Dangerous Talk: Scandalous, Seditious, and Treasonable by David Cressy

By David Cressy

Harmful speak examines the "lewd, ungracious, detestable, opprobrious, and rebellious-sounding" speech of standard women and men who spoke scornfully of kings and queens. Eavesdropping on misplaced conversations, it unearths the expressions that obtained humans into hassle, and follows the destiny of a few of the offenders. Introducing tales and characters formerly unknown to historical past, David Cressy explores the contested zones the place deepest phrases had public final result. although "words have been yet wind," because the proverb had it, malicious tongues triggered social harm, seditious phrases challenged political authority, and treasonous speech imperiled the crown. Royal regimes from the home of Plantagenet to the home of Hanover coped variously with "crimes of the tongue" and located how you can computer screen speak they deemed harmful. Their reaction concerned policing and surveillance, judicial intervention, political propaganda, and the crafting of recent legislations. In early Tudor instances to talk sick of the monarch may possibly threat execution. via the tip of the Stuart period comparable phrases should be brushed aside with a shrug. This e-book lines the advance of loose speech throughout 5 centuries of well known political tradition, and exhibits how scandalous, seditious and treasonable speak ultimately won security as "the birthright of an Englishman." The full of life and obtainable paintings of a prize-winning social historian, it deals clean perception into pre-modern society, the politics of language, and the social impression of the legislations.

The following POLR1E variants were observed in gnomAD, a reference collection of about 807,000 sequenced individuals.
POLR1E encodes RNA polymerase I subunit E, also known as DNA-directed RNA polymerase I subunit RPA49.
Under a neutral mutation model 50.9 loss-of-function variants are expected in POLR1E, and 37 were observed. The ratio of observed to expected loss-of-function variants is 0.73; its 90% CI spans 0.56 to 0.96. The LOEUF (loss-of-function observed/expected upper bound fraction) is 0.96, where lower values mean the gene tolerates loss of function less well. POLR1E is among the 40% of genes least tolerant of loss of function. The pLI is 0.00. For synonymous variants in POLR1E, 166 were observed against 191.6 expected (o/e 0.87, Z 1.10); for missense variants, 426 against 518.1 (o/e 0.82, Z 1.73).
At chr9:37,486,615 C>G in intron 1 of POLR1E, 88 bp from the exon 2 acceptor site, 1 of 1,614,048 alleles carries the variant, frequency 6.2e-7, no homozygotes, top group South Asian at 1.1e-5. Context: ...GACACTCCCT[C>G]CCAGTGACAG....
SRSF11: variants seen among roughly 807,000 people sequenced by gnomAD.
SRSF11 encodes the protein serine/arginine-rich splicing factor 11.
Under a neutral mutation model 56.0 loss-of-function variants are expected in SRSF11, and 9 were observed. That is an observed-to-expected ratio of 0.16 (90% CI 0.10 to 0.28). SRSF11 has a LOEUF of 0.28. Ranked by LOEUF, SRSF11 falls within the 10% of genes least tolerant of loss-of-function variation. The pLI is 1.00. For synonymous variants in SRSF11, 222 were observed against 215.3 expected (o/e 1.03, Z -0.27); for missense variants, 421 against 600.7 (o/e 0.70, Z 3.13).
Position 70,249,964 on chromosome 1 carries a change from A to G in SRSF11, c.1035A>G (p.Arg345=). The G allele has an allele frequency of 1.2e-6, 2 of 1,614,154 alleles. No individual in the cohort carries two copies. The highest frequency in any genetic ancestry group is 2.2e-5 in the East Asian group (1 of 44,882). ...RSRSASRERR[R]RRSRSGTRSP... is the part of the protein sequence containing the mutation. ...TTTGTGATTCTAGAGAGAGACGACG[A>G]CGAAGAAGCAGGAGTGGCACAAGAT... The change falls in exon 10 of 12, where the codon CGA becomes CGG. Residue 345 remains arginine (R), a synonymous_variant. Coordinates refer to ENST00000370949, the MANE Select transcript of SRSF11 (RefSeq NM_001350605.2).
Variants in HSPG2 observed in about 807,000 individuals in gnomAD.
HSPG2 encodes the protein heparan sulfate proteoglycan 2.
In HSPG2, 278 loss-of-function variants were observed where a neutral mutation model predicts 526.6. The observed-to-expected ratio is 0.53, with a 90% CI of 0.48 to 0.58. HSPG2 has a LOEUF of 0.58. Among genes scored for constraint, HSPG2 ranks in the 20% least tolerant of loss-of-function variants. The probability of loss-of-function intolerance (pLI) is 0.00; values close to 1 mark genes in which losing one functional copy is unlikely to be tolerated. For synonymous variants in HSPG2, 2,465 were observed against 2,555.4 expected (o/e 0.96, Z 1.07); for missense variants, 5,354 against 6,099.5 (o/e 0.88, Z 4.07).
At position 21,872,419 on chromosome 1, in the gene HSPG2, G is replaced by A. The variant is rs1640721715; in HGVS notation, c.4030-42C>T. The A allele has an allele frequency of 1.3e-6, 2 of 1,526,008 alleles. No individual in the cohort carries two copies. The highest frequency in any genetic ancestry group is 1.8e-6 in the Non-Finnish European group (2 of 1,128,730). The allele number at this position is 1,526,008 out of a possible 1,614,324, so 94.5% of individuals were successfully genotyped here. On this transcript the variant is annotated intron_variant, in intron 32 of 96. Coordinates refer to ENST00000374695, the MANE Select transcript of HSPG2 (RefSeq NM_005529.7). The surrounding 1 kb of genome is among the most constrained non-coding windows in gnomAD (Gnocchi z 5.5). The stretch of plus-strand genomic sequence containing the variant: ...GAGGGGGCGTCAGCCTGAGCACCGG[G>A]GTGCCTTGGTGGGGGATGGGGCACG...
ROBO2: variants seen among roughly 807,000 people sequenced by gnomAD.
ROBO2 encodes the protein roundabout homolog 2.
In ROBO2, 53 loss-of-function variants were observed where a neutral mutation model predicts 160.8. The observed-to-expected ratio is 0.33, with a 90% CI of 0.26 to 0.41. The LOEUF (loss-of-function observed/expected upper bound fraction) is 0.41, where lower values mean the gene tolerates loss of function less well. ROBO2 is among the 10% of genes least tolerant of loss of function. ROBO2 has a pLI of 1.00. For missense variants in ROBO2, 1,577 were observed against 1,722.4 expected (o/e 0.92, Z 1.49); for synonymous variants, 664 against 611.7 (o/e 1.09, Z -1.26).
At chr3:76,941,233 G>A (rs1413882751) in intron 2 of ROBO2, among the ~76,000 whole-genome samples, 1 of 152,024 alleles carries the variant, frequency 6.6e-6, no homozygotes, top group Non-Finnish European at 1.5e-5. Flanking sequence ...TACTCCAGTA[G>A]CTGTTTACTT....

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Extra info for Dangerous Talk: Scandalous, Seditious, and Treasonable Speech in Pre-Modern England

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But if the speaker said ‘thou art a perjured knave’, or ‘thou art a thief, and hath stolen my beans’, a case might be made because the defamation imputed a crime. Similarly, to say of someone ‘thou keepest a house of bawdry’ was determinable at common law, whereas simply calling that person a ‘bawd’ was a matter for the spiritual courts. 46 In some jurisdictions, faced with particular language, the law was unwilling to act, for example, ‘for calling the plaintiff quean . . by reason of the uncertainty of that word’.

The Earl of Shaftesbury famously brought an action of scandalum magnatum against a Londoner who called him a traitor. Charles II’s brother the Duke of York used the same device against political enemies who blamed him for the fire of London and called him a ‘papist dog’. 78 The rash of legal actions, with huge awards for damages, led to calls in parliament that the noble privilege be abolished. ‘Commoners have had £20,000 verdicts against them; and a peer thinks himself dishonoured unless the jury gives what he demands,’ complained Sir William Williams in March 1689.

50 A popular theatrics of insult added actions to vocabulary, through derisory gestures of the face, limbs, hands, or thumbs. In many cases, to secure conviction, a court sought to render the actual incriminating words. In 1599, for example, when magistrates attempted to enforce orders about corn in a time of dearth, one local landowner protested, ‘they are knaves, I will keep none of their bastards, my goods are mine own, they nor the queen nor the Council have to do with my goods, I do what I list with them’.

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